China's wealth gap is widening to an alarming level, a survey showed Sunday, in a report that urged the government to raise welfare and social security to narrow the gap.
China's Gini coefficient, a gauge of the wealth gap, reached 0.61 in 2010, much higher than the international warning line of 0.4, according to a report released by the China Household Finance Survey Center.
The coefficient was 0.56 in urban families and 0.60 in rural families, compared with a global average of 0.44 in 2010, the survey said.
China's current income inequality is quite unusual compared with the rest of the world, said Gan Li, director of the center, but he noted that a high Gini coefficient is not disastrous and is commonly seen in the process of rapid economic growth.
In the short term, the government can narrow the wealth gap through transfer payments including welfare, social security and government subsidies, and in the long term, better education can effectively equalize opportunity, the report said.
Gan said that tax increases are not necessary to increase social security and welfare. "Increased consumption and the retained profits of State-owned enterprises can provide the means for income redistribution, which means 3.8 trillion yuan each year," Gan said, noting that transfer payments can help ease a widening income gap while expanding domestic demand.
The coefficient is unlikely to see big changes in the next few years, Gan said, calling for authorities to restructure expenditures to focus on increasing social welfare instead of building roads and bridges.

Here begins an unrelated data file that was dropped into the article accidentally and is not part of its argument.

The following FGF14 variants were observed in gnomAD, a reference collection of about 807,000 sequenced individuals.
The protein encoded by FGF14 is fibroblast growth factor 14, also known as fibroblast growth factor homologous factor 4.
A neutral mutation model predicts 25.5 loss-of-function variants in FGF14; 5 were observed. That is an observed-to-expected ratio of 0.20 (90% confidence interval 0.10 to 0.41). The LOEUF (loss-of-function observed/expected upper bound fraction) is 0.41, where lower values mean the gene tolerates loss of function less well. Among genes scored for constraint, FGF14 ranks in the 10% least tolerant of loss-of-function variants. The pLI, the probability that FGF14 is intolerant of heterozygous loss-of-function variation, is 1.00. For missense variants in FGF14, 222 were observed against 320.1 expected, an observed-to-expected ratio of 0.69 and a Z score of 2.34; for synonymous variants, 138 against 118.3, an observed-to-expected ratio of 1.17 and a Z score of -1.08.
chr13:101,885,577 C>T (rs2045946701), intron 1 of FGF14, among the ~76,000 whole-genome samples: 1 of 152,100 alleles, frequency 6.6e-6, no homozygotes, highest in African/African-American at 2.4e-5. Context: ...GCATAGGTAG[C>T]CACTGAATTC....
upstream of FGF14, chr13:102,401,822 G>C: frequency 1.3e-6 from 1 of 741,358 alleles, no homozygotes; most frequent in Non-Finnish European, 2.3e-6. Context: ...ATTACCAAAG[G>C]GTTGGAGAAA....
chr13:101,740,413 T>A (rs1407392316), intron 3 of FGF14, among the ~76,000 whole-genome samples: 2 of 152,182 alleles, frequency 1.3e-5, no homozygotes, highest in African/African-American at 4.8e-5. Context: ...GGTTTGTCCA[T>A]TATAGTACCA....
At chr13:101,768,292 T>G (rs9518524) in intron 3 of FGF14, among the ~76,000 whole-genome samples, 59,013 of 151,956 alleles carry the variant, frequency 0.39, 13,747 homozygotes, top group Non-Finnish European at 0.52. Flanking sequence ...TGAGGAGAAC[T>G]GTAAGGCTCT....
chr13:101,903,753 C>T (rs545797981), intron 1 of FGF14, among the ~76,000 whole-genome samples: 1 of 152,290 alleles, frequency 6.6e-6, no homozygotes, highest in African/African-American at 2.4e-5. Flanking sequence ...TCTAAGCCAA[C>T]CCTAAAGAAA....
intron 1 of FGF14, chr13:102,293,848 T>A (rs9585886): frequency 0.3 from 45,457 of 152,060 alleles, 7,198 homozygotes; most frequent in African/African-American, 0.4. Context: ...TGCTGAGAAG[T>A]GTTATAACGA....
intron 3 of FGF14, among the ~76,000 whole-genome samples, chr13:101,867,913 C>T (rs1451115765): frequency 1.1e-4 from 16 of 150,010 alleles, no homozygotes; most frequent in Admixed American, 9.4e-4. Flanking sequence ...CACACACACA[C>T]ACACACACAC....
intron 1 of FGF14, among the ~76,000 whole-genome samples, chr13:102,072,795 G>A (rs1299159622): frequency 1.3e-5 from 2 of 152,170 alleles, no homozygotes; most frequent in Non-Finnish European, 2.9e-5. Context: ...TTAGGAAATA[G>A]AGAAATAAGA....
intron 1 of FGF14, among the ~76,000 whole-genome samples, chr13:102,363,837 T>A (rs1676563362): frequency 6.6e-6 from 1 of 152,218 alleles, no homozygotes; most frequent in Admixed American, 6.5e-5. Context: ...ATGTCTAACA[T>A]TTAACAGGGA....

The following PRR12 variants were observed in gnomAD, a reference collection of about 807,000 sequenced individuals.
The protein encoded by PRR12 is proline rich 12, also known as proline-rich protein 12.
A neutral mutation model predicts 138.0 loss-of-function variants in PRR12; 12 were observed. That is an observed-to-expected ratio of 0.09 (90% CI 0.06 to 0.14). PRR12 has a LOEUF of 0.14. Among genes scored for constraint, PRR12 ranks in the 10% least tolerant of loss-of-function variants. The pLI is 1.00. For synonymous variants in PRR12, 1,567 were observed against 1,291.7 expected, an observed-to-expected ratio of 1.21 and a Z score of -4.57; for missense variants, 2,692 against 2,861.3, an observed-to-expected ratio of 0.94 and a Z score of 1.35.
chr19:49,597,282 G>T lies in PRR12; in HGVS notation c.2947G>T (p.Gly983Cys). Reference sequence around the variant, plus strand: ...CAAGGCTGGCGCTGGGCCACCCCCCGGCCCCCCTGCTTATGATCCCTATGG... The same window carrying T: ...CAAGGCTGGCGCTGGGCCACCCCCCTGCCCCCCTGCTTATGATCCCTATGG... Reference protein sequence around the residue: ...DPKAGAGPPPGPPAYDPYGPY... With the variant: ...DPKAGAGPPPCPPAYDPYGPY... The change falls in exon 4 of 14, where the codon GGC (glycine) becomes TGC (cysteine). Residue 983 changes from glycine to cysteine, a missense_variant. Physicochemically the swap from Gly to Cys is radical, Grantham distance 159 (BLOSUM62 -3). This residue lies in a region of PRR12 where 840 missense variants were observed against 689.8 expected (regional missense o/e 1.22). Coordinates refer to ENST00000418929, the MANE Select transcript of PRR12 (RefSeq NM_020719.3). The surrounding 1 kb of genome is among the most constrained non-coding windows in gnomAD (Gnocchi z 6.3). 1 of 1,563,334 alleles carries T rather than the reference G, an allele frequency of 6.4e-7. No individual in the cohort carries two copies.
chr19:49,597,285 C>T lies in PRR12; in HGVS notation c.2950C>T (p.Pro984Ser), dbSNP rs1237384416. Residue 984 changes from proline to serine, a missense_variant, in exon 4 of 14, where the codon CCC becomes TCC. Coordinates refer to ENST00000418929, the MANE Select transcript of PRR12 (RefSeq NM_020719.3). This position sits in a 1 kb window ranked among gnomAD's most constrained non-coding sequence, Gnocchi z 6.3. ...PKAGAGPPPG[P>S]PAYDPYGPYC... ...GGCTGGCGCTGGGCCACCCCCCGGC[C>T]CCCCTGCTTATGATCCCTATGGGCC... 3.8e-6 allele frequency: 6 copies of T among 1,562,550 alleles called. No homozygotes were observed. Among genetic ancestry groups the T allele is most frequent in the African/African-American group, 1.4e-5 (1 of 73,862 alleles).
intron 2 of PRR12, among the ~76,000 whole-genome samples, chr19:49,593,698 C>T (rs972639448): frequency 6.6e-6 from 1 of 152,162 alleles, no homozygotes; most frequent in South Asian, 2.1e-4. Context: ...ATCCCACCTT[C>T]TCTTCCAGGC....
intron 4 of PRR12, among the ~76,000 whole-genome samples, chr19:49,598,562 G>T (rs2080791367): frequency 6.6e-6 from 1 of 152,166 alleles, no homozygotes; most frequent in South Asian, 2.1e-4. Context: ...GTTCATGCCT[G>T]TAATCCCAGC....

Zheng Xinye, a professor at Renmin University of China, told the Global Times Sunday that the real Gini coefficient may be even higher than 0.61, since the super-rich are hard to reach for surveys.
"The widening income gap was caused by restrictions that kept small and medium-sized companies from entering high-profit sectors, as well as by employment discrimination," Zheng said. Data showed that the wage gap between finance and agriculture, which earn the highest and lowest wages respectively, has widened to a ratio of 4.2 in 2010 from 2.24 in 1997.
Zheng said that low standards for labor and environmental protection have increased the wealth of the rich at the cost of the health and income of the poor.
The government needs to protect the property rights of low-income people, Zheng said, and he called for equal opportunities for smaller companies to enter all sectors.
Greater urbanization will ease the income gap, Pan Jiancheng, deputy director-general of the China Economic Monitoring & Analysis Center of the National Bureau of Statistics (NBS), said at the survey release press conference, noting that China needs to boost economic transformation and improve social security.
China's official Gini coefficient was 0.412 for both rural and urban residents in 2000. Since then only the Gini data for rural areas had been released, standing at 0.3897 in 2011. An NBS report in December 2011 mentioned that the coefficient in 2010 was a bit higher than 0.412, without providing a specific number.